Agents raid pain doctor's office

"The hidden agenda is pain management,"

March 2006 - Dr. Linda Cheek, a New River Valley pain doctor, says her office was raided Tuesday afternoon by more than a dozen law enforcement agents who "documented the contents of every box and file drawer" and who said their search warrant was Medicaid-related.

Although no federal agency would confirm an investigation of Linda Cheek's practice at New River Medical Associates in Dublin, Capt. George Austin with the Virginia State Police said his agency assisted in the execution of a search warrant Tuesday in Pulaski County.

Austin referred questions to the U.S. Department of Health and Human Services in Roanoke, which declined to comment.

Heidi Coy, spokeswoman for the U.S. Attorney's Office in Roanoke, would neither confirm nor deny an investigation.

"Charges have not been filed, but the justification for the search warrant was billing," Cheek, 57, wrote in an e-mail to The Roanoke Times. "The hidden agenda is pain management."

According to Cheek, she is a primary care physician who has been in practice for 10 years. She took up alternative medicine in 2000, first practicing acupuncture, which led to an interest in pain management.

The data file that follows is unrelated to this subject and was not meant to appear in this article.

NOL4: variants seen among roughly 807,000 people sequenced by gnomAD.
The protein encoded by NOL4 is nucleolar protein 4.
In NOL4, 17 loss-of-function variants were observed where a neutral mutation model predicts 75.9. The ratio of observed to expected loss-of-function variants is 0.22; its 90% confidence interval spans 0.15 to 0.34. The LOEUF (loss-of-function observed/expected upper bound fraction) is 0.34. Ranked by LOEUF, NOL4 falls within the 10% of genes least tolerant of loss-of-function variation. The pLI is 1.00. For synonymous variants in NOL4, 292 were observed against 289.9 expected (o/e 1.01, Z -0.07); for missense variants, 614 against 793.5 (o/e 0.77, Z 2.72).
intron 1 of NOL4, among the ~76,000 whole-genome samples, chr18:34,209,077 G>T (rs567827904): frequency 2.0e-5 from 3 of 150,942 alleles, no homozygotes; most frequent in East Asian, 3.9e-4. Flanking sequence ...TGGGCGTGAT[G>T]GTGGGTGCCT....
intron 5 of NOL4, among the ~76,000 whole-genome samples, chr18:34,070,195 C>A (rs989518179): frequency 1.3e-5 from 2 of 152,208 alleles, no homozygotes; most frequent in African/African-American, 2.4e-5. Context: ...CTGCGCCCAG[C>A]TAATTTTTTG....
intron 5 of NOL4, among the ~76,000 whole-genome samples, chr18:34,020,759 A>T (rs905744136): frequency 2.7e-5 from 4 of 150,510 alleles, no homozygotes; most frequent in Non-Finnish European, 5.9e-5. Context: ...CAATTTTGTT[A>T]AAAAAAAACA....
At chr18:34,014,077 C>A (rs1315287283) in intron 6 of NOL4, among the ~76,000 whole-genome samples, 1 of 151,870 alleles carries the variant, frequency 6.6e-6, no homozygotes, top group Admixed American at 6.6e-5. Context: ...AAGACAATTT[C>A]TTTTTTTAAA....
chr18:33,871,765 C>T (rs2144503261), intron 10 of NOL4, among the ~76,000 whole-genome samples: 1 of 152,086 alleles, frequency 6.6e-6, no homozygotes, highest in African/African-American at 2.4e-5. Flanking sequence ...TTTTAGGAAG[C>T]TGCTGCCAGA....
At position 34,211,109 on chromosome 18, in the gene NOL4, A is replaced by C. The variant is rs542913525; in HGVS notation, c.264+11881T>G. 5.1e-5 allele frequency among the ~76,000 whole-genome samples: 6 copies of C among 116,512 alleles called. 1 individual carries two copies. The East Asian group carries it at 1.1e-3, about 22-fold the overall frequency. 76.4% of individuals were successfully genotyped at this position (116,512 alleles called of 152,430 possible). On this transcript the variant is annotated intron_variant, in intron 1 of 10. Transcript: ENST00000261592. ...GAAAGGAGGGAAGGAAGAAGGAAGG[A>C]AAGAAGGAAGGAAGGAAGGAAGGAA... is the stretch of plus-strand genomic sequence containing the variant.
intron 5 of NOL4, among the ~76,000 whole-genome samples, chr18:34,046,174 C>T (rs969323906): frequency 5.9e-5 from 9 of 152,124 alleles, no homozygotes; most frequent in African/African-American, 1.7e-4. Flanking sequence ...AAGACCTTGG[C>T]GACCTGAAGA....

Cheek said she has treated pain for the past six years and for three of those years has used multidisciplinary techniques such as psychiatric counseling and "cleansing," a procedure that removes toxins from the body.

When she asked insurance companies about how to bill some of those treatments, Cheek said, she was told to simply do it the best way she could, and see what happened. She said she has only billed insurance or state and federal health care programs for evaluation and management of the related health problem, physical therapy, electrical therapy and hypnosis.

Cheek said it is her opinion that the whole coding system is unaccommodating to alternative medicine specialists.

"I have to be true to the science more than I have to be true to the government," she said.

Cheek said she does prescribe Schedule II painkillers such as OxyContin and methadone, and her two nurse practitioners cannot prescribe pain medication so she signs their prescriptions for them. She added that it probably looks on record as though she prescribes three times what a normal doctor would prescribe.

Although Cheek suggests that the investigation is about her pain practice, there is no evidence to suggest it played a role in the raid.

Dozens of doctors across the country have faced charges in connection with their prescribing practices, including former Roanoke pain doctor Dr. Cecil Knox. Once facing more than 300 charges, Knox was partially acquitted in 2003 by a jury that was hung on the remaining charges.

Knox pleaded guilty to three felonies in October and was sentenced in January to five years' probation. He also voluntarily gave up his license to practice medicine.

Staff writer Paul Dellinger contributed to this report.

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